December 05, 2008 · 0 comments

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Stan Getz: Falling In Love

There are those who may not have realized that Serenity was recorded live on the same day in 1987 that produced Getz's magnificent Anniversary, given that between those two releases, several less than stellar Getz recordings were issued. Getz, who had turned 60 earlier in 1987, believed he could be terminally ill (he would survive four more years), and played his heart out during two sets at the Cafe Montmartre. In his biography Stan Getz: A Life in Jazz, Donald L. Maggin quotes Getz: "I thought that these concerts [that summer] could be my last ones, and that gave me the feeling of 'Now I really have to try my best.' I felt strong, although my life was in danger....In my fantasy, I was singing my musical swan song."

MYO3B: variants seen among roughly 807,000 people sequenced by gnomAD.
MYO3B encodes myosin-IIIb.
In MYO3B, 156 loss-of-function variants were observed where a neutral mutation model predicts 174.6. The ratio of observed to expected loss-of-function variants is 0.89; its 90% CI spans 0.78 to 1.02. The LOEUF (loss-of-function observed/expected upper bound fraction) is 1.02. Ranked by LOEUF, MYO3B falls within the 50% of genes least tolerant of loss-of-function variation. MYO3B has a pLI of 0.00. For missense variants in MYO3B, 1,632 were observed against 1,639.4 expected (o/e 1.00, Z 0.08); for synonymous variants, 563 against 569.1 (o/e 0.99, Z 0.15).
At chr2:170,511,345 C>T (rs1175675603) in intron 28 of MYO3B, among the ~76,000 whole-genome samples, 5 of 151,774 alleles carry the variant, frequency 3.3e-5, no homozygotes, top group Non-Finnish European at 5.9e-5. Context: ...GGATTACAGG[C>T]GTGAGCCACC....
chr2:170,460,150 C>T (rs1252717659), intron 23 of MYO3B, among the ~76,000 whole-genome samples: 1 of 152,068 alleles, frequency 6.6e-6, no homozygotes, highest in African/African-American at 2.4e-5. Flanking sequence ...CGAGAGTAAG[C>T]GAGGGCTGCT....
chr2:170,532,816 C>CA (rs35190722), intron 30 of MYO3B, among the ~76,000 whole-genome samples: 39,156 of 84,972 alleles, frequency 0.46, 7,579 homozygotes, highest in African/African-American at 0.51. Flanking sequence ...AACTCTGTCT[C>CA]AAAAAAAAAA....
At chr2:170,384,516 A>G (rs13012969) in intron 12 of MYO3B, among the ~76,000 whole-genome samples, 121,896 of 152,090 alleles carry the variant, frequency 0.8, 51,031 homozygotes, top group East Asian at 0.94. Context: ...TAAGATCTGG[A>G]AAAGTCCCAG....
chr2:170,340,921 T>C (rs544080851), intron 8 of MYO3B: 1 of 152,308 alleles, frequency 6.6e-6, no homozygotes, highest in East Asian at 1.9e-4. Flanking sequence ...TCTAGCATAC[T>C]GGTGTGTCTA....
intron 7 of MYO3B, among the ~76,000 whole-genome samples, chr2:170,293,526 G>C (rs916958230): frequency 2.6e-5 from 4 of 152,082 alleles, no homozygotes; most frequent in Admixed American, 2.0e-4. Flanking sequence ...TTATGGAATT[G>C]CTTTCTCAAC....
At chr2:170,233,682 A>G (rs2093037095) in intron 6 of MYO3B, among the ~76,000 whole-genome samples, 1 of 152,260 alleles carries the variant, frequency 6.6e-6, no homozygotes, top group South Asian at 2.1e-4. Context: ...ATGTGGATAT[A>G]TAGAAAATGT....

Not to be confused with "Falling in Love with Love," Victor Feldman's gorgeous ballad "Falling in Love" is just one of many stunning masterpieces that Getz spun out that night. Emotionally charged and heartfelt, his playing is never anything but sublime. Barron's rapport with Getz is uncanny and immediately noticed as such, while Getz plays the romantic theme with his unsurpassed, lustrous tone. (This is, by the way, one of the best-engineered live club recordings you'll ever hear.) Just as you begin to luxuriate in the leisurely pace and soothing, enveloping sound and mood, Getz surprises with some popped notes and an expansion of others that gives them an exclamatory, echoing urgency. His solo also picks up in both tempo and fervor before mellowing out to more tender embellishments at its conclusion, whereupon the awestruck audience gratefully releases its appreciative sighs and applause. Barron, whose playing seemed to attain a higher level in his years with Getz, displays a refined lyricism in his shorter solo, after which Getz returns at an accelerated tempo only to unwind into a more reflective state of mind once more. Getz's spellbinding coda is both loving and emphatic, and contains a seductive held note that you wish would never end.